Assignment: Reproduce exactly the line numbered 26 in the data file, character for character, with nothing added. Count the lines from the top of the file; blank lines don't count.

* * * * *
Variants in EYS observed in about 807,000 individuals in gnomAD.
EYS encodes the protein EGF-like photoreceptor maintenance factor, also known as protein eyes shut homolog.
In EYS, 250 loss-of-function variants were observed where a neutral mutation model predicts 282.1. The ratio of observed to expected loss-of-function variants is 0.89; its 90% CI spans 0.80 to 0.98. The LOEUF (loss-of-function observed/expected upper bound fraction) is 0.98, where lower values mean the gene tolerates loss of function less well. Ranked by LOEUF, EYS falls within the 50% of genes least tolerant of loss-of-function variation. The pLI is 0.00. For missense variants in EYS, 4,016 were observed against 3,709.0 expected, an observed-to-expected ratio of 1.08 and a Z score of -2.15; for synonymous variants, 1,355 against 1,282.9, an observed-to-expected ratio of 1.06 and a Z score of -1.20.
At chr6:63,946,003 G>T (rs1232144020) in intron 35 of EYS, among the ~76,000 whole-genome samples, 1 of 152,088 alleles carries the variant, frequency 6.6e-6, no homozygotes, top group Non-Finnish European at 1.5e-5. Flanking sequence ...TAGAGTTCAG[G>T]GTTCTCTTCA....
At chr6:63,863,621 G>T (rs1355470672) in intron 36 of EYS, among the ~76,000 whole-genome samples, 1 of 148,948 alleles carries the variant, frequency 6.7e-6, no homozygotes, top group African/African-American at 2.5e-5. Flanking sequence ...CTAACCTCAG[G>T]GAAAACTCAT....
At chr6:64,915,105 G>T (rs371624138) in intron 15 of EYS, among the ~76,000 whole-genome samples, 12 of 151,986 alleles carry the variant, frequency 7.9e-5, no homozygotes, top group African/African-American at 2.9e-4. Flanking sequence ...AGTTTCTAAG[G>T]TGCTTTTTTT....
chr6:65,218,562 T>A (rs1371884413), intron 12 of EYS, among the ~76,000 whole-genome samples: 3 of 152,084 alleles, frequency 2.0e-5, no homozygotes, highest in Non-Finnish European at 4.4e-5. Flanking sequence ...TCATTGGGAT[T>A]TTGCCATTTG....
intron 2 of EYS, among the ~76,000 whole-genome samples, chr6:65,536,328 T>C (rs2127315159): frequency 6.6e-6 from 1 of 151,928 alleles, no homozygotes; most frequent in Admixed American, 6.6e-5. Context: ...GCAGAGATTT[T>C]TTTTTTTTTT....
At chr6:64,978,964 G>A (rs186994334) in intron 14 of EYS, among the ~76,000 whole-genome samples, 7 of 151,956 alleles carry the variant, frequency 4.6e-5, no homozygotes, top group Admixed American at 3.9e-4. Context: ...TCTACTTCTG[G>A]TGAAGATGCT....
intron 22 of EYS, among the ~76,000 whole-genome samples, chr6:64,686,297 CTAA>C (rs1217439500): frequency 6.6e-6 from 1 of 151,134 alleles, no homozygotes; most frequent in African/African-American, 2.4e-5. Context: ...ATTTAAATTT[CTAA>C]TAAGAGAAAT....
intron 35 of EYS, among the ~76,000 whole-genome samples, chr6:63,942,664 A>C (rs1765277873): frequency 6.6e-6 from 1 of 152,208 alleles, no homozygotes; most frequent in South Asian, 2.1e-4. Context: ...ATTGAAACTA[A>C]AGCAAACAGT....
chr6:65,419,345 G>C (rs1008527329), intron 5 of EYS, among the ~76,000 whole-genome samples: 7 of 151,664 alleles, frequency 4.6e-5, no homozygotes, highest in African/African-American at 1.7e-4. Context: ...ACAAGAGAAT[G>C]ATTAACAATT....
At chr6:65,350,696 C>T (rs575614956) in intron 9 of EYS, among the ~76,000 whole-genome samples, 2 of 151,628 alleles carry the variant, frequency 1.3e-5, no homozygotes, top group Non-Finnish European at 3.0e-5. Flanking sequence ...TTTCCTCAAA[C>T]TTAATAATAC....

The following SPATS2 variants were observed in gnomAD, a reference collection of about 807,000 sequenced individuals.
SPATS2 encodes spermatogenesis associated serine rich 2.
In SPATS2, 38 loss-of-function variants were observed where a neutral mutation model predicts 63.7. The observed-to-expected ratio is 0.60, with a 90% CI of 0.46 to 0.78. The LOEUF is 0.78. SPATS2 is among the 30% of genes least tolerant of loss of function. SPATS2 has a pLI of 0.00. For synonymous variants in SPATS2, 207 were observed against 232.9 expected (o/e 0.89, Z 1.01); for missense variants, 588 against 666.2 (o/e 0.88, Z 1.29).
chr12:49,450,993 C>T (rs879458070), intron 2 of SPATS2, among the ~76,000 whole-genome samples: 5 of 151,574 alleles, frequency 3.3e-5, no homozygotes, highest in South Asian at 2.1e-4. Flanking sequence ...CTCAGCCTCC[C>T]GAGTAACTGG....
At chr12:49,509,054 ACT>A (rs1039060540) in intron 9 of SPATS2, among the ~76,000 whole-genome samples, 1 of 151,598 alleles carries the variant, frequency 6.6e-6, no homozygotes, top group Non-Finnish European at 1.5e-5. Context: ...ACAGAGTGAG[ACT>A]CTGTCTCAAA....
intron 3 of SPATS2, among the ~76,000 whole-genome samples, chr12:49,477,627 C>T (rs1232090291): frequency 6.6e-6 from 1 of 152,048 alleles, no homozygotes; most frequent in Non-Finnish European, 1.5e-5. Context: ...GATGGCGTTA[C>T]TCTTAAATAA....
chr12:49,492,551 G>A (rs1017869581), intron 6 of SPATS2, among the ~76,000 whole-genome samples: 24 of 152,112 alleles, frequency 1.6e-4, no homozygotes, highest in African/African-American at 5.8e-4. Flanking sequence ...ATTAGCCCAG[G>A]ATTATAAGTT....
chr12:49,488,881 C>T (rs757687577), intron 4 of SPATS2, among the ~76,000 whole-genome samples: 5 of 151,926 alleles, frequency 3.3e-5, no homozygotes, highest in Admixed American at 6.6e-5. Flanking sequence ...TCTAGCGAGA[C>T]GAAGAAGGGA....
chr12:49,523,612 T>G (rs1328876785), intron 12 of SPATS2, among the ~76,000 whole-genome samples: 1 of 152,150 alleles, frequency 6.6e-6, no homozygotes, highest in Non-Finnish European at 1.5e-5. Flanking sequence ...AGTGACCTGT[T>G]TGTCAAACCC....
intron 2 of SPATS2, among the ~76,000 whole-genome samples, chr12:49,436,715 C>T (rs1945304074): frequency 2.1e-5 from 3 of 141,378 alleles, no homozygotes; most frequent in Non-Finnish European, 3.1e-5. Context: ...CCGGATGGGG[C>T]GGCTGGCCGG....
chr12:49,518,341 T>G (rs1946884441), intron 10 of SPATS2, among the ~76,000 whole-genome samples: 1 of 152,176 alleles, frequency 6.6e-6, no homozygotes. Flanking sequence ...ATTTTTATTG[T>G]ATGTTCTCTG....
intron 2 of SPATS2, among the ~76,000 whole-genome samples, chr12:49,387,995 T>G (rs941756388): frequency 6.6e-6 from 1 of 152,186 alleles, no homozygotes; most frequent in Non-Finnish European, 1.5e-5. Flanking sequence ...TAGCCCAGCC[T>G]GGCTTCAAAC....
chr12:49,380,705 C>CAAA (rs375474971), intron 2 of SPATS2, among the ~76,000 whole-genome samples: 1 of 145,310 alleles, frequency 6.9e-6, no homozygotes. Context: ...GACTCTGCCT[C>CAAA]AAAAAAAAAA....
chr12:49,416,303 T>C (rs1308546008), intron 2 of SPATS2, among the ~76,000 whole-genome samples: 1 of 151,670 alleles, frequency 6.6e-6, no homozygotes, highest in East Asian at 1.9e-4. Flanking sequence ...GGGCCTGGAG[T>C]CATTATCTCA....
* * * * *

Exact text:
chr12:49,380,705 C>CAAA (rs375474971), intron 2 of SPATS2, among the ~76,000 whole-genome samples: 1 of 145,310 alleles, frequency 6.9e-6, no homozygotes. Context: ...GACTCTGCCT[C>CAAA]AAAAAAAAAA....